How was the presumed age of the Universe determined?

Apr 23, 2018

Using Hubble's law.

Explanation:

Hubble's law states that the further away a galaxy is, the faster it is moving:

$v \propto d$

Because of this law, if it is extrapolated backward, it is implied that everything in the universe was once concentrated at one point- supporting the idea of the big bang and also makes it possible to estimate how long ago it was when everything was in one place- i.e the birth of the universe.

However, this is not using SI units, but rather the units for velocity is $k m {s}^{-} 1$ and distance is measured in Mega-parsecs $M P c$.

This equation, being linear must have a constant- Hubble's constant:

${H}_{o}$

Making the equation:

$v = {H}_{o} d$

The value of the constant varies throughout the universe but on a VERY rough estimate we can say that the value of the constant is :

${H}_{o} = 70 k m {s}^{-} 1 M P {c}^{-} 1$

This constant allows us to estimate the age of the universe using the equation:

$\frac{1}{H} _ o \approx T$

However, the Hubble constant must be transferred into SI units for this to work...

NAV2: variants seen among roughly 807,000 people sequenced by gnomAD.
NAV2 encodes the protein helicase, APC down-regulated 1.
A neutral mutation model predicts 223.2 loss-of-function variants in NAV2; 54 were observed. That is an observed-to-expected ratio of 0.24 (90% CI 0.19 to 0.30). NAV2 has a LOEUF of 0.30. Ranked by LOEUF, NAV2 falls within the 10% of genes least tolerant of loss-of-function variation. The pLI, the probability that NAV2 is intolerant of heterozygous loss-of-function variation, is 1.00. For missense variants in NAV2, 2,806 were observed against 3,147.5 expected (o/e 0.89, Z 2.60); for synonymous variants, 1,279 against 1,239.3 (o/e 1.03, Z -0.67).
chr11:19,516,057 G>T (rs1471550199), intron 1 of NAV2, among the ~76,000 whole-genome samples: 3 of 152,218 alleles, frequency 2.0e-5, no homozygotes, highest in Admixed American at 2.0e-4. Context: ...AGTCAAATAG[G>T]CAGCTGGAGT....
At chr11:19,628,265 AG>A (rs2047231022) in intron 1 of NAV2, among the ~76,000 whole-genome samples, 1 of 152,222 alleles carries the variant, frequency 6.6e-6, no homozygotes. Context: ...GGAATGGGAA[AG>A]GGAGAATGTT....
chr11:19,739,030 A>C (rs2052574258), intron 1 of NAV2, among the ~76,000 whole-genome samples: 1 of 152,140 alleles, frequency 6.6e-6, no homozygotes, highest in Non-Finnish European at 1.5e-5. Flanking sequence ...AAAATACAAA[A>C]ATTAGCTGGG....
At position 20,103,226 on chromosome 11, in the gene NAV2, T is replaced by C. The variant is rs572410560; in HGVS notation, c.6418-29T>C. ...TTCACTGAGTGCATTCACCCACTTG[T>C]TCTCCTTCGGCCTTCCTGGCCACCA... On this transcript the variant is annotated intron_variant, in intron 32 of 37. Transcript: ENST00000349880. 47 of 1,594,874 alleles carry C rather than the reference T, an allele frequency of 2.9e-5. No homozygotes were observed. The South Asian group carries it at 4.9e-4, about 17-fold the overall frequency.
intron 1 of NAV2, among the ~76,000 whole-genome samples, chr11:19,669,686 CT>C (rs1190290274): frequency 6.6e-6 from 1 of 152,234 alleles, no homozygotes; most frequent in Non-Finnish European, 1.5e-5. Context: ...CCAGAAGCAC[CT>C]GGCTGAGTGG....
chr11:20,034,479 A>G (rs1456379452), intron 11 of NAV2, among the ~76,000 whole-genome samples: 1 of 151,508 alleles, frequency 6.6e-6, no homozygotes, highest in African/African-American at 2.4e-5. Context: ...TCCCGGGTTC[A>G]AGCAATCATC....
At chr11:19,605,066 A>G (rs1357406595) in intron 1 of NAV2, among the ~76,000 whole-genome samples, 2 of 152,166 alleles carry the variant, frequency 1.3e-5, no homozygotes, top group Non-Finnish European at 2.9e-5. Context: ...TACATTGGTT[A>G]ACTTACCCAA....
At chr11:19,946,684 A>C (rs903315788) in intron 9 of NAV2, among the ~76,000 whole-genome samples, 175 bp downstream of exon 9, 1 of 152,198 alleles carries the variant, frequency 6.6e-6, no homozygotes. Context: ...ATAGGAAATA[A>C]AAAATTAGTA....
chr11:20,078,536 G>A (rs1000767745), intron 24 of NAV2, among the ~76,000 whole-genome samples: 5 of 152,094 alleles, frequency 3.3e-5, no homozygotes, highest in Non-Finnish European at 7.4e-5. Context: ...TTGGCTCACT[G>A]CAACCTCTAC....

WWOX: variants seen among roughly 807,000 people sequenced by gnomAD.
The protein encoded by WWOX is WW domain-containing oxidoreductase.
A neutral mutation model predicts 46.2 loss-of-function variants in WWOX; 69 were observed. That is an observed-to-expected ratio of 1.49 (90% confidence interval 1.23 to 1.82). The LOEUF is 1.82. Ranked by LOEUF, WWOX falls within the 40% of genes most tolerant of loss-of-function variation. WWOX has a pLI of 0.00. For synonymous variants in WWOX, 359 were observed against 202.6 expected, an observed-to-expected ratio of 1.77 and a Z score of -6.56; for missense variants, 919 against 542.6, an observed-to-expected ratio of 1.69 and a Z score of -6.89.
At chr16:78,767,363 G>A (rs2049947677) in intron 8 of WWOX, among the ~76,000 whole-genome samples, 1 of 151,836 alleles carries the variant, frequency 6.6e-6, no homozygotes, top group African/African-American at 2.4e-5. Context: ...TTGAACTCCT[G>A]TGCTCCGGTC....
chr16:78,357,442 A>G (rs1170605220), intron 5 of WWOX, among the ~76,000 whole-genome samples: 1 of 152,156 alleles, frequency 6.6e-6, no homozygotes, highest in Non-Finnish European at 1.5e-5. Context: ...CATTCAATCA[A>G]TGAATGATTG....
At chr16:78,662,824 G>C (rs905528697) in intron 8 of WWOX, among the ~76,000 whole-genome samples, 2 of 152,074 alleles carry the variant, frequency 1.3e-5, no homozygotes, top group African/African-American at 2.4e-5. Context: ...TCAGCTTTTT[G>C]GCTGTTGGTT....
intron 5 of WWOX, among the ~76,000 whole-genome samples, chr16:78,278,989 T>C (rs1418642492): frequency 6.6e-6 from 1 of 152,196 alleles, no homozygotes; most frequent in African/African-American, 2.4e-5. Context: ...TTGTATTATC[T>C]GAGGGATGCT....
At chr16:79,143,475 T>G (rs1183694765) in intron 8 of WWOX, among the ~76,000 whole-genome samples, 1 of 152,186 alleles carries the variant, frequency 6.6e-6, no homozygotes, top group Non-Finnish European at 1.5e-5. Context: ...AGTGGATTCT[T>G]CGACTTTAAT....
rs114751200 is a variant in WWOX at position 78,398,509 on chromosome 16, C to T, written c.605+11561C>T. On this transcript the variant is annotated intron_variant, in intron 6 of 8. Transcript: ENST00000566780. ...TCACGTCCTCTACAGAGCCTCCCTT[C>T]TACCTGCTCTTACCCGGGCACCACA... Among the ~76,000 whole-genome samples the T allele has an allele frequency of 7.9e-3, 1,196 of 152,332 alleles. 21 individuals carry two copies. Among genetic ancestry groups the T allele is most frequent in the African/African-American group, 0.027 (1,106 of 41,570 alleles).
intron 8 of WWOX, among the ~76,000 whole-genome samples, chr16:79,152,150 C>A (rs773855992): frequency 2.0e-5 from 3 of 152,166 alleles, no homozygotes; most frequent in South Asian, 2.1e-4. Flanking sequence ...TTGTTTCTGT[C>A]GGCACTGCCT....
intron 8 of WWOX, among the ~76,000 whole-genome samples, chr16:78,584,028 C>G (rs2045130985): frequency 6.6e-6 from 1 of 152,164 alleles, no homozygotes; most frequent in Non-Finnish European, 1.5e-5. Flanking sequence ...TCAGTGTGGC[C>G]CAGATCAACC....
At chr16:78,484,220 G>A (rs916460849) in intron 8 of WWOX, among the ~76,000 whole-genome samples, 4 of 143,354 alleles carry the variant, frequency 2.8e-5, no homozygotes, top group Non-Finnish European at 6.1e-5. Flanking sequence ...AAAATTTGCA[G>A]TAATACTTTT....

So let's find the value of the constant:
$70 k m {s}^{-} 1 = 70 000 m {s}^{-} 1$

1 parsec= 3.26 ly= $3.08 \times {10}^{16} m$

1 Mega-parsec(1 million parsecs)=$\left(3.08 \times {10}^{16} \times {10}^{6} m\right)$

${H}_{o} = 70 k m {s}^{-} 1 M P {c}^{-} 1 = \frac{70 \times {10}^{3}}{{10}^{6} \times 3.08 \times {10}^{16}} = 2.27 \times {10}^{-} 18$

Inverse it to find Hubble time:

$\frac{1}{2.27 \times {10}^{-} 18} \approx T$

$T \approx 4.4 \times {10}^{17} s$

$T \approx 1.4 \times {10}^{10}$ years

Which is almost 14 billion years, but scientists often say that the value is 13.8 with an uncertainty of $\pm 0.2$ billion years, so we are within the acceptable range.

And that is basically how the age of the universe can be estimated.